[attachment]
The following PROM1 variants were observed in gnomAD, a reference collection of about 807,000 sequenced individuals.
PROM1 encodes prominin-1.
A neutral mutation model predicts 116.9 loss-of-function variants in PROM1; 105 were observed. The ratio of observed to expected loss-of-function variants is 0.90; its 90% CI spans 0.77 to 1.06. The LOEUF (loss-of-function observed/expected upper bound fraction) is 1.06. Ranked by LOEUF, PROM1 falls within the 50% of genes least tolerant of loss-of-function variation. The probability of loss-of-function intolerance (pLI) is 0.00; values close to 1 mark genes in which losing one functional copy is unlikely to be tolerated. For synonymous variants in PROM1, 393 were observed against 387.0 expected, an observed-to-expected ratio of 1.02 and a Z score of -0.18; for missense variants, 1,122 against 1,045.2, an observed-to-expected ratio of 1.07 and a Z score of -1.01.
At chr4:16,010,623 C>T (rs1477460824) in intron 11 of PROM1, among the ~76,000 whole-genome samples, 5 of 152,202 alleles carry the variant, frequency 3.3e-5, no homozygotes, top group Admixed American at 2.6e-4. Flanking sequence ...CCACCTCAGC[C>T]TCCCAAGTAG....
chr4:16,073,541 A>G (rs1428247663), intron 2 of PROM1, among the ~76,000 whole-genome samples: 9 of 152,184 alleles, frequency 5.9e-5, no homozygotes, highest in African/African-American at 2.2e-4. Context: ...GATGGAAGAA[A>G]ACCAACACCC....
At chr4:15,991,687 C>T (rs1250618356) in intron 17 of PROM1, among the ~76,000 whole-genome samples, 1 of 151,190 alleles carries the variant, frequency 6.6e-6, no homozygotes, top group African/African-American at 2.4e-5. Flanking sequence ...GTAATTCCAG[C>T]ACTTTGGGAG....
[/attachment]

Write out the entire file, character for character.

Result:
The following PROM1 variants were observed in gnomAD, a reference collection of about 807,000 sequenced individuals.
PROM1 encodes prominin-1.
A neutral mutation model predicts 116.9 loss-of-function variants in PROM1; 105 were observed. The ratio of observed to expected loss-of-function variants is 0.90; its 90% CI spans 0.77 to 1.06. The LOEUF (loss-of-function observed/expected upper bound fraction) is 1.06. Ranked by LOEUF, PROM1 falls within the 50% of genes least tolerant of loss-of-function variation. The probability of loss-of-function intolerance (pLI) is 0.00; values close to 1 mark genes in which losing one functional copy is unlikely to be tolerated. For synonymous variants in PROM1, 393 were observed against 387.0 expected, an observed-to-expected ratio of 1.02 and a Z score of -0.18; for missense variants, 1,122 against 1,045.2, an observed-to-expected ratio of 1.07 and a Z score of -1.01.
At chr4:16,010,623 C>T (rs1477460824) in intron 11 of PROM1, among the ~76,000 whole-genome samples, 5 of 152,202 alleles carry the variant, frequency 3.3e-5, no homozygotes, top group Admixed American at 2.6e-4. Flanking sequence ...CCACCTCAGC[C>T]TCCCAAGTAG....
chr4:16,073,541 A>G (rs1428247663), intron 2 of PROM1, among the ~76,000 whole-genome samples: 9 of 152,184 alleles, frequency 5.9e-5, no homozygotes, highest in African/African-American at 2.2e-4. Context: ...GATGGAAGAA[A>G]ACCAACACCC....
At chr4:15,991,687 C>T (rs1250618356) in intron 17 of PROM1, among the ~76,000 whole-genome samples, 1 of 151,190 alleles carries the variant, frequency 6.6e-6, no homozygotes, top group African/African-American at 2.4e-5. Flanking sequence ...GTAATTCCAG[C>T]ACTTTGGGAG....